1236746_10201899072505171_1829587463_n.jpgI’m posting this blog from my hotel here in Guatemala City where I am hanging out with my two clients, Hugo and Lucio, shown in the photo with me. You guessed it, I’m the tall one.

I already blogged about why this Central NY injury lawyer had to come all the way to Guatemala to take their testimony. Today’s blog is about how much I admire these guys. Why? They are outstanding fathers.

Several years ago they realized the three dollars a day they were earning working the corn fields in their pueblo wasn’t ever going to fill the hungry little mouths at home. So they did something about it. They “went north”, as they call the trek to the United States around here.

beam me up.jpgNext Tuesday I’ll be jumping on a plane to Central America. But I won’t be on vacation. I’ll be representing my Guatemalan clients as they get deposed, remotely, by video, from Syracuse, NY. There’ll be an interpreter with us.

How did I end up in Guatemala on a case? That story made the front page of the New York Law Journal and the Syracuse Post Standard. I blogged about that here.

Technology has changed every aspect of law practice. A few decades ago, what is about to transpire would have been impossible. Your Central NY injury lawyer will be sitting next to his clients in Guatemala City while insurance defense lawyers in Syracuse New York ask them questions by video. We will see those lawyers on the screen, and they will see my clients. They will be face to face. It’s kind of like Star Trek. “Beam me up, Scotty”! The video of my clients will later be presented to the jury.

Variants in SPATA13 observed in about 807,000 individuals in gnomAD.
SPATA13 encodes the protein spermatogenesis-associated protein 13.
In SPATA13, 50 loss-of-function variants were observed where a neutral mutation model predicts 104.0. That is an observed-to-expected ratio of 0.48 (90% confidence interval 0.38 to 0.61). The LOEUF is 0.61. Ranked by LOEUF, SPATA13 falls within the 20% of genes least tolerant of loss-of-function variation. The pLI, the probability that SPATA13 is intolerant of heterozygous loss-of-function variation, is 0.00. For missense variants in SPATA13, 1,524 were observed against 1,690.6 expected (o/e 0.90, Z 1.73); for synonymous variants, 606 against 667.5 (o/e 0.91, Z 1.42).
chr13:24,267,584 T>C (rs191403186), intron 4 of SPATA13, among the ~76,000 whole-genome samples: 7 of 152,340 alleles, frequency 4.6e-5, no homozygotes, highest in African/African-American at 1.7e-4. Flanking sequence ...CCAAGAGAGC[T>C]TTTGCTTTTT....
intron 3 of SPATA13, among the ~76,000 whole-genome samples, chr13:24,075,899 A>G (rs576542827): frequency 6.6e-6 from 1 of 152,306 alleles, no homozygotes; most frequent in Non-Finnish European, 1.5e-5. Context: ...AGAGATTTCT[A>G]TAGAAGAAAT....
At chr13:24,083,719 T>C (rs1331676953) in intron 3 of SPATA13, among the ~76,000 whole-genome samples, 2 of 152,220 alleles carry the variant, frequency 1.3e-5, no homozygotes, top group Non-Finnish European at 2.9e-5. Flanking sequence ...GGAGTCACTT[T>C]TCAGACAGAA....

Thumbnail image for iStock_000002257510Small.jpgSpanish speaking injury lawyer in all central New York counties, including Onondaga, Seneca, Oswego, Ontario, Tioga, Orleans, Wayne and Jefferson Counties. And all these counties have an abundance of Mexican and Guatemalan farm workers tending to our apple orchards, grape vineyards and onion fields.